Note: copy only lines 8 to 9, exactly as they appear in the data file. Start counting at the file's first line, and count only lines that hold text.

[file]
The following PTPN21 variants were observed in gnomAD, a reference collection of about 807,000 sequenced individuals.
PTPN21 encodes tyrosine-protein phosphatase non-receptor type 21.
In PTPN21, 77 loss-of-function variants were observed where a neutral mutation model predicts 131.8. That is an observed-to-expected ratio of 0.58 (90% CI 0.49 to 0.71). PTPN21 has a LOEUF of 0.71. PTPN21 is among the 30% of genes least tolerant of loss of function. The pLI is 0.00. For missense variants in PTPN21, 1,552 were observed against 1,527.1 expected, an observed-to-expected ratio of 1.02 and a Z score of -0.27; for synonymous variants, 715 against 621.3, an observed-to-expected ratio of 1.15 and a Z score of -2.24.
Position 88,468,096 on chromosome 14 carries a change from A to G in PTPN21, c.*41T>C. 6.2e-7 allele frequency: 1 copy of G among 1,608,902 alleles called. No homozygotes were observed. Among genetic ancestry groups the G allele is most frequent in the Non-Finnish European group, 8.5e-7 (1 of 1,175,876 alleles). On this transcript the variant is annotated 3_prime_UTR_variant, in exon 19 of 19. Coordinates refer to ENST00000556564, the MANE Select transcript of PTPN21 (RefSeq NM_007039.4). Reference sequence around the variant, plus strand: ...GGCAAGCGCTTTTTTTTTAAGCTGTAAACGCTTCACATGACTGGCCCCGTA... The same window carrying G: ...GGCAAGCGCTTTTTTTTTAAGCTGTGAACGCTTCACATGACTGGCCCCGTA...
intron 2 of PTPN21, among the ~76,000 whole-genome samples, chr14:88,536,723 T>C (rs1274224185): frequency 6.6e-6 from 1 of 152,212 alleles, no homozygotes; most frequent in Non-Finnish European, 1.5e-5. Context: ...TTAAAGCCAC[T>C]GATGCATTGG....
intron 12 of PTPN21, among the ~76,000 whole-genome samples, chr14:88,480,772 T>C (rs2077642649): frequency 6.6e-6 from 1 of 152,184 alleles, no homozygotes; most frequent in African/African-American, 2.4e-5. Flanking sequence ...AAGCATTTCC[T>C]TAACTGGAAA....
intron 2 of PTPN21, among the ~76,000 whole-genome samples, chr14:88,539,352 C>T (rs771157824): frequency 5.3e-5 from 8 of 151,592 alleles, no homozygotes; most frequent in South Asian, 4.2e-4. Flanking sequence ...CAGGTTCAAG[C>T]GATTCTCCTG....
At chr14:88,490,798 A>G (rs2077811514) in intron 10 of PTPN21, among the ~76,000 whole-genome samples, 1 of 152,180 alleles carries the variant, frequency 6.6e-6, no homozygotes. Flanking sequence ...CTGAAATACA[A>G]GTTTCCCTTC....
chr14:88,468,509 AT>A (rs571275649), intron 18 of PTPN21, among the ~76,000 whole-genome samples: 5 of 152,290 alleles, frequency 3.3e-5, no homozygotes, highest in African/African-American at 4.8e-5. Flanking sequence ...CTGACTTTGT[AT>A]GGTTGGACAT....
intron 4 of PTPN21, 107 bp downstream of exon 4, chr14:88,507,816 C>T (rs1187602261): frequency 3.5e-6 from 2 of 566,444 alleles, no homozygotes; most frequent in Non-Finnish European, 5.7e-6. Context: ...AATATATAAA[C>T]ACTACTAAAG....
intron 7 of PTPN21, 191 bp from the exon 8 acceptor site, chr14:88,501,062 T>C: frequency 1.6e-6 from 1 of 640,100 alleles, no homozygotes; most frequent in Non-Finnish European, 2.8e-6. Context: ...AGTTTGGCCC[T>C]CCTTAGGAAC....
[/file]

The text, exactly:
At chr14:88,490,798 A>G (rs2077811514) in intron 10 of PTPN21, among the ~76,000 whole-genome samples, 1 of 152,180 alleles carries the variant, frequency 6.6e-6, no homozygotes. Flanking sequence ...CTGAAATACA[A>G]GTTTCCCTTC....
chr14:88,468,509 AT>A (rs571275649), intron 18 of PTPN21, among the ~76,000 whole-genome samples: 5 of 152,290 alleles, frequency 3.3e-5, no homozygotes, highest in African/African-American at 4.8e-5. Flanking sequence ...CTGACTTTGT[AT>A]GGTTGGACAT....